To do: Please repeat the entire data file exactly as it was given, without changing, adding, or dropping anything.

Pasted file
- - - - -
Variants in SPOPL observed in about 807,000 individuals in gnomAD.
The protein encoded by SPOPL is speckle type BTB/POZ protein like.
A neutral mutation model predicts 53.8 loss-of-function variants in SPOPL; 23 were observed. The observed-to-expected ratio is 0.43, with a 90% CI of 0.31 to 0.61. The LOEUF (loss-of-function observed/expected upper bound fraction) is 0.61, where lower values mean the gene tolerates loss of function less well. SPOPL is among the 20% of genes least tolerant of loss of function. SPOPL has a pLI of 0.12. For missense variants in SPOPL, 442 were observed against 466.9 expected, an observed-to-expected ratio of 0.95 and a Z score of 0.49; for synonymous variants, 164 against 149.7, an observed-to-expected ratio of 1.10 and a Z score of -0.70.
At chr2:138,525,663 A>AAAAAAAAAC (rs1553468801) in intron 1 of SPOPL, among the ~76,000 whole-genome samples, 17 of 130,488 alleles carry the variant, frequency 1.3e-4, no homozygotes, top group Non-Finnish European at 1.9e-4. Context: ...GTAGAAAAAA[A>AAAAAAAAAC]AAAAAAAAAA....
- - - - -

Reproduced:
Variants in SPOPL observed in about 807,000 individuals in gnomAD.
The protein encoded by SPOPL is speckle type BTB/POZ protein like.
A neutral mutation model predicts 53.8 loss-of-function variants in SPOPL; 23 were observed. The observed-to-expected ratio is 0.43, with a 90% CI of 0.31 to 0.61. The LOEUF (loss-of-function observed/expected upper bound fraction) is 0.61, where lower values mean the gene tolerates loss of function less well. SPOPL is among the 20% of genes least tolerant of loss of function. SPOPL has a pLI of 0.12. For missense variants in SPOPL, 442 were observed against 466.9 expected, an observed-to-expected ratio of 0.95 and a Z score of 0.49; for synonymous variants, 164 against 149.7, an observed-to-expected ratio of 1.10 and a Z score of -0.70.
At chr2:138,525,663 A>AAAAAAAAAC (rs1553468801) in intron 1 of SPOPL, among the ~76,000 whole-genome samples, 17 of 130,488 alleles carry the variant, frequency 1.3e-4, no homozygotes, top group Non-Finnish European at 1.9e-4. Context: ...GTAGAAAAAA[A>AAAAAAAAAC]AAAAAAAAAA....